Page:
• The annual Hong Kong Arts Festival (16th Feb - 24th Mar 2020): One of the most sought-after events in Asia, the Hong Kong Arts Festival is a magnificent event to celebrate the arts in Hong Kong. Local and international artisans come to perform, showcase their pieces, sell their unique products, display their dance numbers for several weeks. Locals and travelers alike flock to this event annually as it is one of the few that celebrate the arts in Hong Kong. The festival has been a much-anticipated event people have been preparing for since 1973 and today, it’s become a platform to engage modern society into supporting the local arts

  • Tin Hau Festival (15th Apr 2020):Tin Hau Festival is one of the most celebrated Chinese festivals, in Hong Kong. It is usually celebrated in April or May, annually. During the festival, Hong Kongers gather together to celebrate the birthday of Tin Hau, the goddess of the sea. If you have been to Hong Kong, you will notice there are many Tin Hau temples on the island. What is unique about this festival is you get to see various performances and parades, such as Chinese opera, as well as dragon and lion dances, which brings a festive mood, coupled with a lively remembrance in honor of the deity.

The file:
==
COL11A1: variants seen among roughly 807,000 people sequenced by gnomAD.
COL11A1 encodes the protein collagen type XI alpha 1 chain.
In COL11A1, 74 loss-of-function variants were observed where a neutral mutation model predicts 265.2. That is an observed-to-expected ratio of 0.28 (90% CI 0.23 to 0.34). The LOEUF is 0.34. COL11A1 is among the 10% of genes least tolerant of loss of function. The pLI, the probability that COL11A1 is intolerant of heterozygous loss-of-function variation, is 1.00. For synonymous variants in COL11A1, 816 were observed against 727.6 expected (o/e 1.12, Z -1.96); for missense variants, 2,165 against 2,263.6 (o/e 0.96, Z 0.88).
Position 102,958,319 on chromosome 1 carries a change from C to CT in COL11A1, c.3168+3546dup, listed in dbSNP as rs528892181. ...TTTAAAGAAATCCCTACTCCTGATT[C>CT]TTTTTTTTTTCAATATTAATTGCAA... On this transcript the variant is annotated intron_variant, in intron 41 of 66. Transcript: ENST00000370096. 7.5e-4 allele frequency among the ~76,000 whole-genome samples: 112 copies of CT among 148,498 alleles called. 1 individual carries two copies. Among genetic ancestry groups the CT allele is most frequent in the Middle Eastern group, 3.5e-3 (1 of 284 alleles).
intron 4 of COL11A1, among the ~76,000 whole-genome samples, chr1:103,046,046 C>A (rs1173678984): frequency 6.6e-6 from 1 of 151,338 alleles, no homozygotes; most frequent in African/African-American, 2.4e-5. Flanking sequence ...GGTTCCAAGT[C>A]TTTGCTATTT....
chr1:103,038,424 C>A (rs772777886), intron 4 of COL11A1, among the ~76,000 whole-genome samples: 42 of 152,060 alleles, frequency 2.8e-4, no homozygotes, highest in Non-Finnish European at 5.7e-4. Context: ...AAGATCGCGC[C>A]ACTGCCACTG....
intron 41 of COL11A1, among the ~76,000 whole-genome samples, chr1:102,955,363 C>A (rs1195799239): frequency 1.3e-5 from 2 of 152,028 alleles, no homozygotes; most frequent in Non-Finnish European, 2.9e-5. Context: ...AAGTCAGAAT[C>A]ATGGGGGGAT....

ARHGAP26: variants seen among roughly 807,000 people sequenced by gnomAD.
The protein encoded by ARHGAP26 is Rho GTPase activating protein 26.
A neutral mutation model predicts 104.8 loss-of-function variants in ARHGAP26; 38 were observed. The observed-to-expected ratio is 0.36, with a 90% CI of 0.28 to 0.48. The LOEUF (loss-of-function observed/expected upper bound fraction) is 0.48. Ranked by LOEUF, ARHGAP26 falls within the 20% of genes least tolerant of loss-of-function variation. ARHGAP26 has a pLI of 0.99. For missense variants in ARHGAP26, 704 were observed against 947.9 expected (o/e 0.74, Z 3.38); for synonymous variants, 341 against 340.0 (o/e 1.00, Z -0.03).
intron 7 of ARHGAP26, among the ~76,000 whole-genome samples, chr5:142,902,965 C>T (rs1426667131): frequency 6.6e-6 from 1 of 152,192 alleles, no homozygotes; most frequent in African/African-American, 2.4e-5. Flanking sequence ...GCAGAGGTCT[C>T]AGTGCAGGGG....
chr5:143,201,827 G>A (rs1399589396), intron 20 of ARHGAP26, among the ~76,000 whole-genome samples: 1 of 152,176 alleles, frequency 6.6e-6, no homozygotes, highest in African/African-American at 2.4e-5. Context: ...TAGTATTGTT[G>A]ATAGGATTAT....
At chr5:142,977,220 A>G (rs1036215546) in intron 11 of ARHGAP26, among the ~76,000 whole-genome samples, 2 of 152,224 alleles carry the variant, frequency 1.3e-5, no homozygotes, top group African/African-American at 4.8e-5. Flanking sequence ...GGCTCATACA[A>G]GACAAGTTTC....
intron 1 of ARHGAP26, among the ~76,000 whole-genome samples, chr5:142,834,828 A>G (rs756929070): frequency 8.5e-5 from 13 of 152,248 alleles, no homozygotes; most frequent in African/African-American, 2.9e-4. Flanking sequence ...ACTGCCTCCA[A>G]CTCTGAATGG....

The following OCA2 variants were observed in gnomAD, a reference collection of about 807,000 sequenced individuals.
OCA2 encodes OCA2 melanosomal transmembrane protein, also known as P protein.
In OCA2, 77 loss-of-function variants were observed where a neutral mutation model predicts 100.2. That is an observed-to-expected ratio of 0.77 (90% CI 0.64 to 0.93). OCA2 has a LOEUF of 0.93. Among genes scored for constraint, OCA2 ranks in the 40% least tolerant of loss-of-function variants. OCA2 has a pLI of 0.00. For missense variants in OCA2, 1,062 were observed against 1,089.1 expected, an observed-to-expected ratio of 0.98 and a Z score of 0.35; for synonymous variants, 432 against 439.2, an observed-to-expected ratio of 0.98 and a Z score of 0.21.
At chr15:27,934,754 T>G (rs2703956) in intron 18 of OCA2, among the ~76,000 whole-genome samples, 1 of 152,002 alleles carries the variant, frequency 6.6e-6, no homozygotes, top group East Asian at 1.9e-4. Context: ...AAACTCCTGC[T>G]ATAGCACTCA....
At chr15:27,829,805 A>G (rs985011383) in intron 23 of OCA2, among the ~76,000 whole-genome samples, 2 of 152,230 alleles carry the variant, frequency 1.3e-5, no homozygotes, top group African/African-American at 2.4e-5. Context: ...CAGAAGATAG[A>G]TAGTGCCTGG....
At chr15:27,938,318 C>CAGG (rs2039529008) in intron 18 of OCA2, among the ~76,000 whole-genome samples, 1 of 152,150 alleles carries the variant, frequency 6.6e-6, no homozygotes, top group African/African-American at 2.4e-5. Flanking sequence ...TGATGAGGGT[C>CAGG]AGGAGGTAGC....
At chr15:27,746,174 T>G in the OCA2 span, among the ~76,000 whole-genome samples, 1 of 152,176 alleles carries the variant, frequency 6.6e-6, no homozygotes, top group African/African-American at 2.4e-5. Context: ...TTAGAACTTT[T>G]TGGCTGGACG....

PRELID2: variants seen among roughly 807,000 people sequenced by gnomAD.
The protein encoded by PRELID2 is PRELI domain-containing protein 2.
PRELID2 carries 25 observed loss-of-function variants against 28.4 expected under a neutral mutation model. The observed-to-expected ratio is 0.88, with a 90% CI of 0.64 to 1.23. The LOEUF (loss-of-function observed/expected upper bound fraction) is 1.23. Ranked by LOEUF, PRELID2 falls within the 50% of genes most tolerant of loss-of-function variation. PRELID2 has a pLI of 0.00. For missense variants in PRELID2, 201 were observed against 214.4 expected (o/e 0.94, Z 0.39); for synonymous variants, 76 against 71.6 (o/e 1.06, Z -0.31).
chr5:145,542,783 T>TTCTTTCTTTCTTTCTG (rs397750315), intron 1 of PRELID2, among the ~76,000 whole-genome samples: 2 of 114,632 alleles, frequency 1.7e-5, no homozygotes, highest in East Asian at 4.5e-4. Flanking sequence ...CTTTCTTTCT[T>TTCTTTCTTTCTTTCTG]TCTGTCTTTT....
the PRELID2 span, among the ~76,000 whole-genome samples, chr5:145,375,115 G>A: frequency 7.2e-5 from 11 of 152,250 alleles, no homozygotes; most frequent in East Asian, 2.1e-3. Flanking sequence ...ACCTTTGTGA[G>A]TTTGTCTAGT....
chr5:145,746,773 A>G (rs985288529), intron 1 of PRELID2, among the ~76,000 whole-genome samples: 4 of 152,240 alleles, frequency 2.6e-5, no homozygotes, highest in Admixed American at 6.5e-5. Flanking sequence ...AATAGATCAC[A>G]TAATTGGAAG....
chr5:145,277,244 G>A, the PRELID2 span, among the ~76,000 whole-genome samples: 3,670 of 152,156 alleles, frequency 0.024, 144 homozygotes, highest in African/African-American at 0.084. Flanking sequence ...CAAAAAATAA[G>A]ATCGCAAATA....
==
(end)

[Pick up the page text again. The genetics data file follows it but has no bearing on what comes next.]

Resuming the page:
• Cheung Chau Bun Festival (27th Apr -1st May,2020): If you visit Hong Kong towards the end of April or beginning of May, you will get a chance to immerse yourself in a unique festival - it is none other than the Cheung Chau Bun Festival. It is a unique cultural experience, featuring huge bamboo towers covered with sweet buns and it should not be missed. The festival honors the Taoist god, Pak Tai, and involves four days of music, parades, and sweet buns, galore. The main venue for the festival is in front of the famous Pak Tai Temple, on Cheung Chau Island. The main event is the bun scrambling competition. Whoever climbs up and gets ahold of the buns at the top first, wins the competition. Besides this, the King and Queen Bun titles are also up for grabs. Everyone from locals to tourists will be vegetarian, during the festival, and no meat is allowed during this time.